California Employment Law
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If there was legitimately an over-payment, your employer can require you to return the money you received that is not yours. However, your employer may not deduct from your wages to reimburse themselves unless you sign an agreement authorizing such deductions. The thing is, if you don't sign, your employer can lawfully terminate your employment (employment in CA is "at will" absent an agreement to the contrary and as such terminable at any time for virtually any reason) or simply reduce your wages moving forward to offset their loss. So, not signing a voluntary repayment agreement will accomplish little more than causing your employer to think that you are uncooperative and thereby damaging your employment relationship. Not signing is not actually going to protect you from having to repay the overpayment, and in fact not signing may cost you your job.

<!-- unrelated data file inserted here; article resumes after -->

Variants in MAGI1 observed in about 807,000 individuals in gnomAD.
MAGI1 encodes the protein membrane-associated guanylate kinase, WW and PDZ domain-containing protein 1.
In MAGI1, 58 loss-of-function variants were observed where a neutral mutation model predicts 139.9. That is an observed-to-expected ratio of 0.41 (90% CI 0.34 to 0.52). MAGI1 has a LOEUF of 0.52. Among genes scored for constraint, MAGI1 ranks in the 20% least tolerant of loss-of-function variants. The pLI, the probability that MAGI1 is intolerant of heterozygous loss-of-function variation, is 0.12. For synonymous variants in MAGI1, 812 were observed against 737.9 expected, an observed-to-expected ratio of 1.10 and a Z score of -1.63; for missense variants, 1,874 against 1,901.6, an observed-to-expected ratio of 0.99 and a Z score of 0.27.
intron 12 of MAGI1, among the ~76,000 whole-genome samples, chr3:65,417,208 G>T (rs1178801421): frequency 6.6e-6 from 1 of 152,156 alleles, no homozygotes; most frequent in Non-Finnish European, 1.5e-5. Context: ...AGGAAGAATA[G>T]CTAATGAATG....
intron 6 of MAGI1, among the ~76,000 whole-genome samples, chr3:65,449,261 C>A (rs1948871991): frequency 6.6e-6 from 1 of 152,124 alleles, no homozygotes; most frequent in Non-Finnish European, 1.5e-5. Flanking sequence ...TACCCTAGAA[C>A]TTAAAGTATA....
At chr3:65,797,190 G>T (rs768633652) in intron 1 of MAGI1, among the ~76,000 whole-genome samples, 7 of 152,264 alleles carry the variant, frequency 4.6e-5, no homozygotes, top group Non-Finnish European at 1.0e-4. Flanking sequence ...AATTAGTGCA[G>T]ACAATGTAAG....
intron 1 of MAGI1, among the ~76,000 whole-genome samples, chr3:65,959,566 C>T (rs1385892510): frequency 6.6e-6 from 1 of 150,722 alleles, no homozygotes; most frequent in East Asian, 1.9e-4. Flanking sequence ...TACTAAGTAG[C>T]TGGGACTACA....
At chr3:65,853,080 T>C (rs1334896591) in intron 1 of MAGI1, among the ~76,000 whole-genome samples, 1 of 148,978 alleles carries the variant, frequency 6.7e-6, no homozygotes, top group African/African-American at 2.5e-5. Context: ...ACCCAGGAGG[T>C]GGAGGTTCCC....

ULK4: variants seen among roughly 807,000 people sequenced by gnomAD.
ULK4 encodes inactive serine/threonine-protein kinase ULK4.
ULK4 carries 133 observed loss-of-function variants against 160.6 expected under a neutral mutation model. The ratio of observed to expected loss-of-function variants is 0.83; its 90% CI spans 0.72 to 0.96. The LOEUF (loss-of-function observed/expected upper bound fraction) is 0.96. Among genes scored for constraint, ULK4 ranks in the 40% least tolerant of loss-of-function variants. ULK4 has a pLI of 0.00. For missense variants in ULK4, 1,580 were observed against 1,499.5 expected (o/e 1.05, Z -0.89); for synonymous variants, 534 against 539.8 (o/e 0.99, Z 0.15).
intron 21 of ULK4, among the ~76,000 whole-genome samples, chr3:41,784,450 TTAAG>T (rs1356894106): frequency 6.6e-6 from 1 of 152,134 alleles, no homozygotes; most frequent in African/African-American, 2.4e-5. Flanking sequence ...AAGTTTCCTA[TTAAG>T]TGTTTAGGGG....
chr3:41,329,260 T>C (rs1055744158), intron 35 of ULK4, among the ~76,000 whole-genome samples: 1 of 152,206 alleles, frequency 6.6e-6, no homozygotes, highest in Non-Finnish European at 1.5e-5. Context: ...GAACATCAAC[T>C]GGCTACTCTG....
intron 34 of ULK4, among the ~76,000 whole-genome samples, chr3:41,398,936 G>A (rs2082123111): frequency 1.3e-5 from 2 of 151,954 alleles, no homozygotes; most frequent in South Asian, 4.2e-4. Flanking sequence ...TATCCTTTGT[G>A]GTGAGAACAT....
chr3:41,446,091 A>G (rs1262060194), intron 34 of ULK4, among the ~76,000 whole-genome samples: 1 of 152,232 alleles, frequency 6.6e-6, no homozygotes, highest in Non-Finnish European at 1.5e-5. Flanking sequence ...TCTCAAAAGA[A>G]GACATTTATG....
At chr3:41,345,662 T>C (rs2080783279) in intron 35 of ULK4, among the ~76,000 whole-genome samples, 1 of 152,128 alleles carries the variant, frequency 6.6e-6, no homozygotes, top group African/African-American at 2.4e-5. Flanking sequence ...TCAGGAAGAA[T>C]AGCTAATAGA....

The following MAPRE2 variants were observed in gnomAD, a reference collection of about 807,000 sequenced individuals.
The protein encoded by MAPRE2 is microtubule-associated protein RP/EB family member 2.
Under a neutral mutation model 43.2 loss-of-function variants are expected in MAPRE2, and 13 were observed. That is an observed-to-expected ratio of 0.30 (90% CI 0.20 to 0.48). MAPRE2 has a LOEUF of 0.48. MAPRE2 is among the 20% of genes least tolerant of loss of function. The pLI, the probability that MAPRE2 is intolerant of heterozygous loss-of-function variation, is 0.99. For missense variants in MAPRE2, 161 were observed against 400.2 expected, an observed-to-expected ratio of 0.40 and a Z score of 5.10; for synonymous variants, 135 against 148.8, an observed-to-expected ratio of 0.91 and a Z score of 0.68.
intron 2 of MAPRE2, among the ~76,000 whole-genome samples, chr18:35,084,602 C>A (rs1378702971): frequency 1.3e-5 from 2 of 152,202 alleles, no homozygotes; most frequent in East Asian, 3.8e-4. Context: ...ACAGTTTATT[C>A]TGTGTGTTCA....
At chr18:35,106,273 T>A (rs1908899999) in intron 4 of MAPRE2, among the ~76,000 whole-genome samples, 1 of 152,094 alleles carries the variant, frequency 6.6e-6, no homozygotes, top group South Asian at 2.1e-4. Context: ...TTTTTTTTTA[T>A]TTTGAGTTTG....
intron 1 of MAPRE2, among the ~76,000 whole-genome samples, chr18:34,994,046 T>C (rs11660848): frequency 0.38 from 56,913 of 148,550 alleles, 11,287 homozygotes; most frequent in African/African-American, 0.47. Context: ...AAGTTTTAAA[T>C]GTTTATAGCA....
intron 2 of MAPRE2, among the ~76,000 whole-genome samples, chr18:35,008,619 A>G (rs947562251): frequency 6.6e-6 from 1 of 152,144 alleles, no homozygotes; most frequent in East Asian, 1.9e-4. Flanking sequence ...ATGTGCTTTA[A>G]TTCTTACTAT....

Now, your employer should WANT to provide you with proof that you were actually overpaid. But if they have not already divulged their explanation, it would not be unreasonable to respond by offering to sign the voluntary repayment authorization on the CONDITION that they supply you with their explanation. I don't think any employer would be put off by that as it is entirely reasonable to want to verify that you truly owe something before paying what it is claimed that you are owed.
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